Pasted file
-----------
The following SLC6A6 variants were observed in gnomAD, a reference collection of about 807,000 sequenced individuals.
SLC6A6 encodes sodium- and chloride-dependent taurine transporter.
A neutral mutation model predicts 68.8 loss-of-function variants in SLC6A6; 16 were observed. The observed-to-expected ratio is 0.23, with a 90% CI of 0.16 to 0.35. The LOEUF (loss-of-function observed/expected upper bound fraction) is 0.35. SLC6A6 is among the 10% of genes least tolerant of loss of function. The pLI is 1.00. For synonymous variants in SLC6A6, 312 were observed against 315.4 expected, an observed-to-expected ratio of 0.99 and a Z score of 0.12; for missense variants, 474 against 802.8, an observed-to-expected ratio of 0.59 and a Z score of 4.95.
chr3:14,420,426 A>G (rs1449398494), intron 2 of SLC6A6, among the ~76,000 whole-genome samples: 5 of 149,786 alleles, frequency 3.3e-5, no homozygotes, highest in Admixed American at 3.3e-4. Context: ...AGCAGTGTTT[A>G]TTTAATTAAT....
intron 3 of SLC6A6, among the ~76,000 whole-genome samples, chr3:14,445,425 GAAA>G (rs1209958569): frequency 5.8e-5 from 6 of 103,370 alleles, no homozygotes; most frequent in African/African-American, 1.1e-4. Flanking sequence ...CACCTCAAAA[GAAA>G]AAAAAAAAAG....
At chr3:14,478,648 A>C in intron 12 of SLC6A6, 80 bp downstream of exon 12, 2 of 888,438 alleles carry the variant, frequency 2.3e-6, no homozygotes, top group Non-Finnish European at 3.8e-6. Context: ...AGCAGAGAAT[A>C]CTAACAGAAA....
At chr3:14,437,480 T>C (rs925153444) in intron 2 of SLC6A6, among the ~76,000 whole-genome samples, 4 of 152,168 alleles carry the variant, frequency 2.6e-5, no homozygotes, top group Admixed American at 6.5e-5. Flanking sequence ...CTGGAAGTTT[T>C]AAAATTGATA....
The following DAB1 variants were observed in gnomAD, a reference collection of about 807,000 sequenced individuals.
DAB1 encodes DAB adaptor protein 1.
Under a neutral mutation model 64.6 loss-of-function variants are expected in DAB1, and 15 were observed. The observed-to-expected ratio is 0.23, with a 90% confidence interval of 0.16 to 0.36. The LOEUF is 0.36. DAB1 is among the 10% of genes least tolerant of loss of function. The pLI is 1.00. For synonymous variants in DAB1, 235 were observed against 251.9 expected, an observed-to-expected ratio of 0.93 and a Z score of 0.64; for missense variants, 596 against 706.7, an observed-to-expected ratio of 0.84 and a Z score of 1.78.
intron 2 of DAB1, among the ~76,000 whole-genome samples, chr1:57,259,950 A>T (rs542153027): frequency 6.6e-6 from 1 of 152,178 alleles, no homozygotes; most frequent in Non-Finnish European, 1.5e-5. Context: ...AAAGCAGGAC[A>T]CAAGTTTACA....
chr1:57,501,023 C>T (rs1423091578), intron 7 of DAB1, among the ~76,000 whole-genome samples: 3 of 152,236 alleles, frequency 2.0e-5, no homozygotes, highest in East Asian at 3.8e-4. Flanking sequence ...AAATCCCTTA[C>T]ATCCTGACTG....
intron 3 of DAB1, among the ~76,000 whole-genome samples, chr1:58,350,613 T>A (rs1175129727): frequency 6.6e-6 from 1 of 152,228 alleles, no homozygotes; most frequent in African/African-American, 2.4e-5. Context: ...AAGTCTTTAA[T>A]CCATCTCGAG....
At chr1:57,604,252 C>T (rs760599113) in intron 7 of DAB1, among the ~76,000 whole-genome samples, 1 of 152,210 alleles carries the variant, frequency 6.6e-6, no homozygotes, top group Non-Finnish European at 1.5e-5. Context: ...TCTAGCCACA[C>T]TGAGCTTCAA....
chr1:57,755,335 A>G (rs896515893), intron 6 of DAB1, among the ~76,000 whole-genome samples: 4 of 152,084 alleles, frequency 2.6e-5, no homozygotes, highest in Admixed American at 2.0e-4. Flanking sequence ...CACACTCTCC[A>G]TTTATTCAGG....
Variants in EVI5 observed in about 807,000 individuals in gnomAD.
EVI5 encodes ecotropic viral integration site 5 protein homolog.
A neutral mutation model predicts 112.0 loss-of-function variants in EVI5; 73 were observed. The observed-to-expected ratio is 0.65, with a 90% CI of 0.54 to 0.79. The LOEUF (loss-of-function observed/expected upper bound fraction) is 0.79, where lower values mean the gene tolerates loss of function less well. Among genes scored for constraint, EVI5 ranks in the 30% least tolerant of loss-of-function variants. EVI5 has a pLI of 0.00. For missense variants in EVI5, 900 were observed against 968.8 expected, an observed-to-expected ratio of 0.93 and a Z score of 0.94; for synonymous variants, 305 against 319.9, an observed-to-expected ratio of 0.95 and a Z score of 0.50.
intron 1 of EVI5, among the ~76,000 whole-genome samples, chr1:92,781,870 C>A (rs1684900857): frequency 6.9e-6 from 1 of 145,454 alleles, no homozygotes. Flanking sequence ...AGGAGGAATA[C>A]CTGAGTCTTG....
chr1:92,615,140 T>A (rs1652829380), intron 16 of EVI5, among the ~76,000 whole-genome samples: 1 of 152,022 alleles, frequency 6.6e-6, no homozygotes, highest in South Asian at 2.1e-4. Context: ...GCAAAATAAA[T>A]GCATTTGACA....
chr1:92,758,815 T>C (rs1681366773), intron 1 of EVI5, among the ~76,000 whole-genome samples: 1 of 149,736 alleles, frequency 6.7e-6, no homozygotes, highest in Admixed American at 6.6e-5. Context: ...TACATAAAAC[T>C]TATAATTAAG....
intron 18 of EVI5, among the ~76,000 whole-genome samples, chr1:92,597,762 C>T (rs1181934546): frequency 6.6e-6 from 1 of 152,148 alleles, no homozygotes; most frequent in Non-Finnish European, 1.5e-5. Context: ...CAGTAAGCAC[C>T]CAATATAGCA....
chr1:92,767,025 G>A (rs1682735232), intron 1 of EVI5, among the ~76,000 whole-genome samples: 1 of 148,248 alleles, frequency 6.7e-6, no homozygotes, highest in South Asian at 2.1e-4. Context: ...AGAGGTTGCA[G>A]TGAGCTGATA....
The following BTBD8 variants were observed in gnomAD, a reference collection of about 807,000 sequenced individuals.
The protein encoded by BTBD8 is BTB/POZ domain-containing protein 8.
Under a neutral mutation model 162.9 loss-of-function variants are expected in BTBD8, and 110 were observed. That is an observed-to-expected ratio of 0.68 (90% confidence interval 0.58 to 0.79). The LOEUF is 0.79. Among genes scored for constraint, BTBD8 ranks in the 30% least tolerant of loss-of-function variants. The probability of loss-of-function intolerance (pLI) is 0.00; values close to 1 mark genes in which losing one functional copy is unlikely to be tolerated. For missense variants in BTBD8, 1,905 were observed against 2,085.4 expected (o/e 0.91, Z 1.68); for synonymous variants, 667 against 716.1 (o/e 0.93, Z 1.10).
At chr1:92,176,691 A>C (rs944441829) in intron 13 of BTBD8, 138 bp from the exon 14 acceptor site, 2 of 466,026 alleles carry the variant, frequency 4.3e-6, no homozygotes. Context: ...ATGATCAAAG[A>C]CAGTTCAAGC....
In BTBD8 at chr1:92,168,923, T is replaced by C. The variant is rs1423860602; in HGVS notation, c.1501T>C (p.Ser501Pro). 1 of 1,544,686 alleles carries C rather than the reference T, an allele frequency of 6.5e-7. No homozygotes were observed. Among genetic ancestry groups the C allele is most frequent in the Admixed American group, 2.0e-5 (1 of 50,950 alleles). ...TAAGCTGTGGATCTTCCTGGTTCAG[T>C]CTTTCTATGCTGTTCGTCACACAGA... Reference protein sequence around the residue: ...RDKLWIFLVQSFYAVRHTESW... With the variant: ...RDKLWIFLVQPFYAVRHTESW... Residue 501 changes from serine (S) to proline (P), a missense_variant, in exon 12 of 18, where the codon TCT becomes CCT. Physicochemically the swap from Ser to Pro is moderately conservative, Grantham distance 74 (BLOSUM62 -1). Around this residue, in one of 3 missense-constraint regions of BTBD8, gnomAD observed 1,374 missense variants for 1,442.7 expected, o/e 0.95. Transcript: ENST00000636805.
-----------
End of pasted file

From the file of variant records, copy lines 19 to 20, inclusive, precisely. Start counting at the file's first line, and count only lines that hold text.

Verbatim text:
intron 1 of EVI5, among the ~76,000 whole-genome samples, chr1:92,781,870 C>A (rs1684900857): frequency 6.9e-6 from 1 of 145,454 alleles, no homozygotes. Flanking sequence ...AGGAGGAATA[C>A]CTGAGTCTTG....
chr1:92,615,140 T>A (rs1652829380), intron 16 of EVI5, among the ~76,000 whole-genome samples: 1 of 152,022 alleles, frequency 6.6e-6, no homozygotes, highest in South Asian at 2.1e-4. Context: ...GCAAAATAAA[T>A]GCATTTGACA....